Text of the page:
7. The system of claim 3, wherein the probabilities for the plurality of the cyclist's possible movements through the traffic intersection are based on real world data observing cyclists traveling through traffic intersections.

8. A method for planning a path of an autonomous vehicle, comprising:

receiving, via processing circuitry, information from the imaging device;
identifying, via the processing circuitry, a position of a cyclist in a traffic intersection based on the information from the imaging device;
predicting, via the processing circuitry, a future path of the cyclist based on the position of the cyclist in the traffic intersection; and
planning, via the processing circuitry, a path of the autonomous vehicle based on the predicted future path of the cyclist.

9. The method of claim 8, further comprising:

determining if the cyclist followed the predicted future path; and
updating the planned path of the autonomous vehicle in response to the cyclist not following the predicted future path.

10. The method of claim 8, wherein each position of the cyclist in the traffic intersection is associated with statistical information corresponding to a probability for a plurality of the cyclist's possible movements through the traffic intersection.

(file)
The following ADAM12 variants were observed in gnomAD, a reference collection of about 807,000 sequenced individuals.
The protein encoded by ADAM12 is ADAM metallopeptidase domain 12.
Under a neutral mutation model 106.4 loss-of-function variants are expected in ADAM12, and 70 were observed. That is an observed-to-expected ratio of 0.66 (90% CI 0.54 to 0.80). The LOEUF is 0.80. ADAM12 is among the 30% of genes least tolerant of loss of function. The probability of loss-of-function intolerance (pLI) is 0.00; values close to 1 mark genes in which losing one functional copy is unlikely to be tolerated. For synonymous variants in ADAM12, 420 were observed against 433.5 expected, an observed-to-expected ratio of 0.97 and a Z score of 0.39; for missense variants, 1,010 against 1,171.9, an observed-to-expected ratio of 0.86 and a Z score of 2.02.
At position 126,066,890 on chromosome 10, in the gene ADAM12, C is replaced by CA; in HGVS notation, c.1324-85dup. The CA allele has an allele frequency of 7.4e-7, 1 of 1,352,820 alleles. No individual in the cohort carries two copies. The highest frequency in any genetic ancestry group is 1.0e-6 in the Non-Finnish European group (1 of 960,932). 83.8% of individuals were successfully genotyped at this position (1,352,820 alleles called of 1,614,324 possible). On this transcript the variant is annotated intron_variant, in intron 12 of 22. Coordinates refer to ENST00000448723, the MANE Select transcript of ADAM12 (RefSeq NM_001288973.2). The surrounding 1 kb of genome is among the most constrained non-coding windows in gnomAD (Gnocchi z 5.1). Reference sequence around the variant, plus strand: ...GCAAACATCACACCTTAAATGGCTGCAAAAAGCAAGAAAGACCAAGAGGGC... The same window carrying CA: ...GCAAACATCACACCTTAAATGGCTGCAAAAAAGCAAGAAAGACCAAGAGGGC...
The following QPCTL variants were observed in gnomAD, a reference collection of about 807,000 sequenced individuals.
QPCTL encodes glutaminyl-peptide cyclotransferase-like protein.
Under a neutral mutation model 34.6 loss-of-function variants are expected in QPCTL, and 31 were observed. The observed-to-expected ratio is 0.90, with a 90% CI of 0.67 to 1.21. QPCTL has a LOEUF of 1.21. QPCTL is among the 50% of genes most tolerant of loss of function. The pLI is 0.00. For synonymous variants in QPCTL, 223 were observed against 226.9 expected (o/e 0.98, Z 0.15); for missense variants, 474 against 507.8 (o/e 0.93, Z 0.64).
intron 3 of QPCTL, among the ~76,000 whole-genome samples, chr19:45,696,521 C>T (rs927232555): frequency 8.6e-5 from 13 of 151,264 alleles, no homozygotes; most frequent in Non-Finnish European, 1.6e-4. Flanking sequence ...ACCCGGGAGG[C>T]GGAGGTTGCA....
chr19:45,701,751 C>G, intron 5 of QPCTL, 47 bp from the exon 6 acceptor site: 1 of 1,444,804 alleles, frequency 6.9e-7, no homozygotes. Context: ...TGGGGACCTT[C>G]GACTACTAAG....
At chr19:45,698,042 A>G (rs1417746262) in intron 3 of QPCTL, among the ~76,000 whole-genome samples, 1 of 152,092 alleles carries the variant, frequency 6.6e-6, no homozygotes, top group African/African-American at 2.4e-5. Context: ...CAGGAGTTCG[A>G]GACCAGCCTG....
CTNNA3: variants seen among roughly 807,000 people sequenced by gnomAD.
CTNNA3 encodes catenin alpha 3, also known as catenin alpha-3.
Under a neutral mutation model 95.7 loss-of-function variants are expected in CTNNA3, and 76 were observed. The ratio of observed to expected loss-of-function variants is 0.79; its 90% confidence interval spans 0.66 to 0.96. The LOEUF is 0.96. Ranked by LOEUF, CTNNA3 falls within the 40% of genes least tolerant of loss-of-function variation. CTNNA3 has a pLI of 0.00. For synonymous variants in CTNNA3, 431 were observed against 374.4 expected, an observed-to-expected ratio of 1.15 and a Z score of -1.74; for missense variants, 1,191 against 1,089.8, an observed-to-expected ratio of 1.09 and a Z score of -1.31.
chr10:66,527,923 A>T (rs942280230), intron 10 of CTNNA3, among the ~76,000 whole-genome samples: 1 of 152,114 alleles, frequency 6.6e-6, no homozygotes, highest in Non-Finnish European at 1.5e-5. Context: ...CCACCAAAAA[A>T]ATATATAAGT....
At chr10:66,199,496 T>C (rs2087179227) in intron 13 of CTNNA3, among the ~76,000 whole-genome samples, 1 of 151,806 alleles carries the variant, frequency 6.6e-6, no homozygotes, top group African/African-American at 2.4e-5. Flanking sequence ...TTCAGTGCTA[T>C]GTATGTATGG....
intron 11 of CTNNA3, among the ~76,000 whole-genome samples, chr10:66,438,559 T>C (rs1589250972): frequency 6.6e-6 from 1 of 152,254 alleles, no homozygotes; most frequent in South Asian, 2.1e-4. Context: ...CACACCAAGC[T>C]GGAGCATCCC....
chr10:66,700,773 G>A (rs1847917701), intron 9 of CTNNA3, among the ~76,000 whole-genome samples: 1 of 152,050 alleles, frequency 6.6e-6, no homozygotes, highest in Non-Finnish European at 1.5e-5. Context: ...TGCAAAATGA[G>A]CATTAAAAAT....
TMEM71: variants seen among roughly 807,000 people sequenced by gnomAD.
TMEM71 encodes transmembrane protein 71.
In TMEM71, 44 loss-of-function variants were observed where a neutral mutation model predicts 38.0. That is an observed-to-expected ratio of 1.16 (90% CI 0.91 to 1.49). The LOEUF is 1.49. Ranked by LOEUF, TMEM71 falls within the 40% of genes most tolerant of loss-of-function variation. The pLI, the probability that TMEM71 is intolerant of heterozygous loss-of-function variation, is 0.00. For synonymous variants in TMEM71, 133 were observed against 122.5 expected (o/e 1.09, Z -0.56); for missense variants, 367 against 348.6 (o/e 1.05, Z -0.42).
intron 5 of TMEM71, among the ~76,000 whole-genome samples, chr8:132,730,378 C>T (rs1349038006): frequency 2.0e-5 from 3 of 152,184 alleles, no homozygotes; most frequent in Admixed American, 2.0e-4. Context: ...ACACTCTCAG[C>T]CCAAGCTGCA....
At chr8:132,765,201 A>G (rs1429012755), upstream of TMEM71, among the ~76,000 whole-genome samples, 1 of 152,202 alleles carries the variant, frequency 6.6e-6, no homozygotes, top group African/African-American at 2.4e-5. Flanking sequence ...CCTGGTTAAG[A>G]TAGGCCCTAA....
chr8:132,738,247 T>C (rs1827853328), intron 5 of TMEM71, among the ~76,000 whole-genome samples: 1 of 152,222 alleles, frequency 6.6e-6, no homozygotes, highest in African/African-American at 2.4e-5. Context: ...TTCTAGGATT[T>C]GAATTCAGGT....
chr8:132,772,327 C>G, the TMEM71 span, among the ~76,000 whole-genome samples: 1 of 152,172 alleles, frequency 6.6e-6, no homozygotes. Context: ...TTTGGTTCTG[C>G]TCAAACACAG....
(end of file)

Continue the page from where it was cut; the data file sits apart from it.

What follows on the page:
11. The method of claim 10, wherein the plurality of the cyclist's movements through the intersection include turning left, turning right, traveling straight, and not moving.

12. The method of claim 8, wherein the predicted future path of the cyclist is displayed in the autonomous vehicle.

13. The method of claim 8, wherein the planned path of the autonomous vehicle is displayed in the autonomous vehicle.

14. The method of claim 10, wherein the probabilities for the plurality of the cyclist's possible movements through the traffic intersection are based on real world data observing cyclists traveling through traffic intersections.

15. A non-transitory computer-readable storage medium storing computer-readable instructions that, when executed by a computer, cause the computer to perform a method, the method comprising:

receiving information from the imaging device;
identifying a position of a cyclist in a traffic intersection based on the information from the imaging device;
predicting a future path of the cyclist based on the position of the cyclist in the traffic intersection; and
planning a path of the autonomous vehicle based on the predicted future path of the cyclist.